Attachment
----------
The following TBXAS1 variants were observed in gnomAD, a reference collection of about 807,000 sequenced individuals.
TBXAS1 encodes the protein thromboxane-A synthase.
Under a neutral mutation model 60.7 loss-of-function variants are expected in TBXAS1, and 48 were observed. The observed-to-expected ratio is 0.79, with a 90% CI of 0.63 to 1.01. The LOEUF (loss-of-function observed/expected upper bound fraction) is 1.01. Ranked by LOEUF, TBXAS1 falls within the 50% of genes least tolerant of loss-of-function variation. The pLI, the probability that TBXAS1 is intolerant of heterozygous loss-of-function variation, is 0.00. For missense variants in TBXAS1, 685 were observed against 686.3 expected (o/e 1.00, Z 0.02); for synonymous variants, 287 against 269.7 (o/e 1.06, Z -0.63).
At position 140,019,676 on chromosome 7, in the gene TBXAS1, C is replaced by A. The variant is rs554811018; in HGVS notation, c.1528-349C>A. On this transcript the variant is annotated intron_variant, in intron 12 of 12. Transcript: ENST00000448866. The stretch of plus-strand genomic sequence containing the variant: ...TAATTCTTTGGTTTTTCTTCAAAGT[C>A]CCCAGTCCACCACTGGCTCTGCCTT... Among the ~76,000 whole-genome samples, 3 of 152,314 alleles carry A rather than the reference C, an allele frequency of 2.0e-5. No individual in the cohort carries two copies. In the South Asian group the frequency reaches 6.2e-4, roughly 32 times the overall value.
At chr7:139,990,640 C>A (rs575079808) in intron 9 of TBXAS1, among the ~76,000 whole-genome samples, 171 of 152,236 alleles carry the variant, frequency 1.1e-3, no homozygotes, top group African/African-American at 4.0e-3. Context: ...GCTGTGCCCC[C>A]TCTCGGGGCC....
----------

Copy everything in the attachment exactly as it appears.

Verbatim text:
The following TBXAS1 variants were observed in gnomAD, a reference collection of about 807,000 sequenced individuals.
TBXAS1 encodes the protein thromboxane-A synthase.
Under a neutral mutation model 60.7 loss-of-function variants are expected in TBXAS1, and 48 were observed. The observed-to-expected ratio is 0.79, with a 90% CI of 0.63 to 1.01. The LOEUF (loss-of-function observed/expected upper bound fraction) is 1.01. Ranked by LOEUF, TBXAS1 falls within the 50% of genes least tolerant of loss-of-function variation. The pLI, the probability that TBXAS1 is intolerant of heterozygous loss-of-function variation, is 0.00. For missense variants in TBXAS1, 685 were observed against 686.3 expected (o/e 1.00, Z 0.02); for synonymous variants, 287 against 269.7 (o/e 1.06, Z -0.63).
At position 140,019,676 on chromosome 7, in the gene TBXAS1, C is replaced by A. The variant is rs554811018; in HGVS notation, c.1528-349C>A. On this transcript the variant is annotated intron_variant, in intron 12 of 12. Transcript: ENST00000448866. The stretch of plus-strand genomic sequence containing the variant: ...TAATTCTTTGGTTTTTCTTCAAAGT[C>A]CCCAGTCCACCACTGGCTCTGCCTT... Among the ~76,000 whole-genome samples, 3 of 152,314 alleles carry A rather than the reference C, an allele frequency of 2.0e-5. No individual in the cohort carries two copies. In the South Asian group the frequency reaches 6.2e-4, roughly 32 times the overall value.
At chr7:139,990,640 C>A (rs575079808) in intron 9 of TBXAS1, among the ~76,000 whole-genome samples, 171 of 152,236 alleles carry the variant, frequency 1.1e-3, no homozygotes, top group African/African-American at 4.0e-3. Context: ...GCTGTGCCCC[C>A]TCTCGGGGCC....